Dehumidification vs. ventilation in an existing house
I have done significant air sealing of our 1930s cape cod house in Virginia (climate zone 4) and it only recently dawned on me through reading various GBA blog posts that this air sealing is probably the cause of our high indoor winter humidity levels (ranging from 55% to 70%)
I understand that adding ventilation is the correct way to go, and the bathroom exhaust fan approach seems the most cost effective. However, before doing this I have a few questions.
1. I wonder if this humidity level poses a threat to the structure of our house because of moisture build-up inside the walls. The original wood lap siding was covered with a foil-type house wrap, which was then covered with aluminum siding at some point. I assume the foil would inhibit drying to the exterior. However, since the humidity level seems to be caused by lack of air flow, I’m guessing that there isn’t an overly large amount of air passing through those walls to cause such problems.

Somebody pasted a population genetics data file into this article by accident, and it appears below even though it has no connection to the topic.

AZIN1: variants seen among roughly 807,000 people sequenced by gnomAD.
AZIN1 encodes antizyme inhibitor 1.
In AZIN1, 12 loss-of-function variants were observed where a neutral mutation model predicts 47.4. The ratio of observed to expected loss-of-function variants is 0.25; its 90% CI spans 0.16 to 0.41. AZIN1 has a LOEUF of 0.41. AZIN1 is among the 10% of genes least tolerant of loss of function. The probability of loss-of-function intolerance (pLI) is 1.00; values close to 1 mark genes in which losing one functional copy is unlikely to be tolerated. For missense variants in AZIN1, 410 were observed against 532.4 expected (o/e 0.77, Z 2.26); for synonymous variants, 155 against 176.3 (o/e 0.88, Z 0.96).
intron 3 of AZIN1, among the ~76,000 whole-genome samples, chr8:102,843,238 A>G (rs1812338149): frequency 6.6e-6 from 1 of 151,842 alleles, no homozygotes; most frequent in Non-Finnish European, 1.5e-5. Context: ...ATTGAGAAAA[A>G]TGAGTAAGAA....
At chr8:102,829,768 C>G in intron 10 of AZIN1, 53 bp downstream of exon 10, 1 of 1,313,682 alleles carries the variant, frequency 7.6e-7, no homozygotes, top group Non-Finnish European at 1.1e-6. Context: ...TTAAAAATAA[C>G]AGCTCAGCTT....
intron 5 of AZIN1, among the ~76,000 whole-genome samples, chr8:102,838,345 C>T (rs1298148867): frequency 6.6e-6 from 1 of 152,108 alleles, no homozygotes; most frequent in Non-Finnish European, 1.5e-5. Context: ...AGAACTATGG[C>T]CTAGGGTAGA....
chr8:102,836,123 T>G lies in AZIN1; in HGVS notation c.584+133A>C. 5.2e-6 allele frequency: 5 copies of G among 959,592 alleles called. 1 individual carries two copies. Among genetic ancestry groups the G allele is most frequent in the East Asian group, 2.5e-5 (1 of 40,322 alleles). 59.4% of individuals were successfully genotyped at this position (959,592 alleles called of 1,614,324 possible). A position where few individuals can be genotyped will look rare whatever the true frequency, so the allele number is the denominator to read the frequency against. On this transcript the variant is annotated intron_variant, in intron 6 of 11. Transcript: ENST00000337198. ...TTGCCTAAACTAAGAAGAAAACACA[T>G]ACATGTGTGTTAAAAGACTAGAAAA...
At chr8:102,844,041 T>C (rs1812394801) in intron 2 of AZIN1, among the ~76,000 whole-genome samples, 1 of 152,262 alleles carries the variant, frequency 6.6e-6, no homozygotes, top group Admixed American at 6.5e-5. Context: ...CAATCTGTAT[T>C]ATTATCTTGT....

2. Is there any possibility that running a dehumidifier to deal with the high humidity could be more energy-efficient than running an exhaust fan? A dehumidifier burns a lot of electricity, but it also puts off heat that would help in space heating. I am installing a somewhat over-sized PV system, so that electricity would be mostly, if not totally, covered by the PV output. By contrast, bringing in more cold air would make our oil furnace run more, and oil is not free. (I hope to at some point switch over to a heat pump, but that is not the case as of yet.) I know that there are other reasons to introduce fresh air, but purely from an energy efficiency perspective, how might dehumidification compare with ventilation in this case?